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Travelling and the Zika Virus

July 20, 2016 | Karen Pearson

It seems that there’s always a health “curve ball” being thrown at travellers and the latest is the Zika Virus.  The World Health Organization (WHO) is predicting that up to four million people could become infected by the end of 2016, especially with the Olympics coming up in August in Rio, an area already heavily infected.

South and Central America, the Caribbean and parts of the southern US are in the early stages of this rapidly developing health crisis that may eventually post a dire threat to people all over the world.  Well, other than some high altitude, colder climate regions in Chile and Canada, that won’t support breeding of the Aedes aegypti and Aedes albopictus mosquito species, the same ones that transmit dengue and chikungunya.  So there are some benefits of living in cold climates!  However, that’s not to say that cases of Zika won’t be reported in these areas, as testing has now confirmed Zika can be transmitted through blood and sexual activity.  However, it is not an airborne disease which is good news for flying, and it is relatively easy to protect oneself against contracting it. Definitely most at risk are pregnant women or women of child-bearing age who plan on becoming pregnant.  However, it’s now apparent their partners are equally at risk and must take every precaution to avoid becoming infected so as not to spread the virus to their sexual partner.

The main thing we’re hearing about Zika is its potential to cause microcephaly, the neurological condition that causes infants to be born with smaller-than-average heads and, in many cases, compromised brain function.  But, on many disease control website, mentioned right up there with microcephaly, is the potential of Guillain-Barre syndrome or GBS, an autoimmune disorder that can leave patients virtually paralyzed, with full recovery taking up to six months, or in some case can be life-threatening.  Unlike microcephaly, GBS doesn’t discriminate!  People of all ages and sexes are equally prone to the disorder.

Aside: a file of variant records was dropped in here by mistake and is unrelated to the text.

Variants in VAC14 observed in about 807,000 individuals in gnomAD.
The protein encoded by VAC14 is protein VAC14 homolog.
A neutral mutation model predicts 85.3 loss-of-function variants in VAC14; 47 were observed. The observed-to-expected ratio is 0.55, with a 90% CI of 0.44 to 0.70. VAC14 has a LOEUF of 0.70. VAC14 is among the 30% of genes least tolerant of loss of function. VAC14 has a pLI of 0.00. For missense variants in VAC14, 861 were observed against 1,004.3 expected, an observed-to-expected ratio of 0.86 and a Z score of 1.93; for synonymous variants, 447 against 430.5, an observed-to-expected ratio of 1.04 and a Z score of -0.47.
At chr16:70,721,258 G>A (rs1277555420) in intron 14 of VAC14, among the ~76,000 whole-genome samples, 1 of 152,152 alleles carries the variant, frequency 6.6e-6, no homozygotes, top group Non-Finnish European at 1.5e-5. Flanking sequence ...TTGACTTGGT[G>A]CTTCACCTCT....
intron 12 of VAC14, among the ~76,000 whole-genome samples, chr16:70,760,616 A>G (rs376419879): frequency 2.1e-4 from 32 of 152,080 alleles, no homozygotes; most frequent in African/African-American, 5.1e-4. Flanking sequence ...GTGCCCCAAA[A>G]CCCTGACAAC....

So, the best advice?  Do your research about the area you are travelling to and arm yourself with the best information in regards to preventing infection.

How can travellers protect themselves against the Zika virus?

  • Consult with your doctor or local disease control centre for the most up-to-date information on the virus in the area you are planning travelling to.
  • If you are pregnant, hoping to become pregnant or are the sexual partner of someone in the previous two categories, avoid travelling to areas where the virus is actively circulating.
  • Use condoms when engaged in sexual activity.
  • If you decide to travel to affected areas, pack an ample supply of mosquito repellent and use it generously.  Those containing DEET (40% or higher concentration) are considered the most effective although there are some milder, plant-based repellents that may also be used.
  • Pack pants, long-sleeved shirts and mosquito netting for the hours mosquitoes are most active.  Treat clothing with permethrin, or buy items that are pre-treated.
  • If using both sunscreen and bug repellent, apply the sunscreen first.
  • Close doors and make sure window screens are fully closed when you sleep.  Use mosquito netting as extra insurance.
  • Be vigilant with anti-mosquito precautions around the clock, as the mosquitoes that transmit the Zika virus are active during the day as well as night time.

For now, for better or worse, world travellers appear to be counting on a combination of common sense, optimism, and good old-fashioned bug spray to keep them safe from Zika.


World Health Organization (WHO):  http://www.who.int/csr/disease/zika/information-for-travelers/en/
U.S. Centers for Disease Control (CDC):  http://www.cdc.gov/zika/index.html
Public Health Agency of Canada:  http://www.healthycanadians.gc.ca/diseases-conditions-maladies-affections/disease-maladie/zika-virus/index-eng.php